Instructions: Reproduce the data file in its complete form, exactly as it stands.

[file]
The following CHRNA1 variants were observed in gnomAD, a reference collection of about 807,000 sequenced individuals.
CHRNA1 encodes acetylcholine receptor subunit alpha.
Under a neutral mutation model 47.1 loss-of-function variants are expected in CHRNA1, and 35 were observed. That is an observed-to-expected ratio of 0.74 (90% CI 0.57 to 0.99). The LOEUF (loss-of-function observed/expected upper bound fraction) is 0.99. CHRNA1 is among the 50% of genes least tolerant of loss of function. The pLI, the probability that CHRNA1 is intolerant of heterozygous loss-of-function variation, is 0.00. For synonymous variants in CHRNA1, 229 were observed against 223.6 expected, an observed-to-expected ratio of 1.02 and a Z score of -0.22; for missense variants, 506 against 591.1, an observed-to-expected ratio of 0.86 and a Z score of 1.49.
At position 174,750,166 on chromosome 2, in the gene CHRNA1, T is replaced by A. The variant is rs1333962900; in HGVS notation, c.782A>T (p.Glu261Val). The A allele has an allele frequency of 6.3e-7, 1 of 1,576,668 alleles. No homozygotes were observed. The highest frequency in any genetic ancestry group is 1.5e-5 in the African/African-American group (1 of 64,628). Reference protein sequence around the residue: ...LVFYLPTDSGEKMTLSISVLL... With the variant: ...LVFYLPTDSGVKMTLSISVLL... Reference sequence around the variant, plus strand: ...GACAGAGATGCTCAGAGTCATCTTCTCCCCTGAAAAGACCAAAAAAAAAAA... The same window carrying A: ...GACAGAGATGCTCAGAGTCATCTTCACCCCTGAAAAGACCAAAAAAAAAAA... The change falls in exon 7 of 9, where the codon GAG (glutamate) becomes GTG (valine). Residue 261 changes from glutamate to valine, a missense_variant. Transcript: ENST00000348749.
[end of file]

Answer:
The following CHRNA1 variants were observed in gnomAD, a reference collection of about 807,000 sequenced individuals.
CHRNA1 encodes acetylcholine receptor subunit alpha.
Under a neutral mutation model 47.1 loss-of-function variants are expected in CHRNA1, and 35 were observed. That is an observed-to-expected ratio of 0.74 (90% CI 0.57 to 0.99). The LOEUF (loss-of-function observed/expected upper bound fraction) is 0.99. CHRNA1 is among the 50% of genes least tolerant of loss of function. The pLI, the probability that CHRNA1 is intolerant of heterozygous loss-of-function variation, is 0.00. For synonymous variants in CHRNA1, 229 were observed against 223.6 expected, an observed-to-expected ratio of 1.02 and a Z score of -0.22; for missense variants, 506 against 591.1, an observed-to-expected ratio of 0.86 and a Z score of 1.49.
At position 174,750,166 on chromosome 2, in the gene CHRNA1, T is replaced by A. The variant is rs1333962900; in HGVS notation, c.782A>T (p.Glu261Val). The A allele has an allele frequency of 6.3e-7, 1 of 1,576,668 alleles. No homozygotes were observed. The highest frequency in any genetic ancestry group is 1.5e-5 in the African/African-American group (1 of 64,628). Reference protein sequence around the residue: ...LVFYLPTDSGEKMTLSISVLL... With the variant: ...LVFYLPTDSGVKMTLSISVLL... Reference sequence around the variant, plus strand: ...GACAGAGATGCTCAGAGTCATCTTCTCCCCTGAAAAGACCAAAAAAAAAAA... The same window carrying A: ...GACAGAGATGCTCAGAGTCATCTTCACCCCTGAAAAGACCAAAAAAAAAAA... The change falls in exon 7 of 9, where the codon GAG (glutamate) becomes GTG (valine). Residue 261 changes from glutamate to valine, a missense_variant. Transcript: ENST00000348749.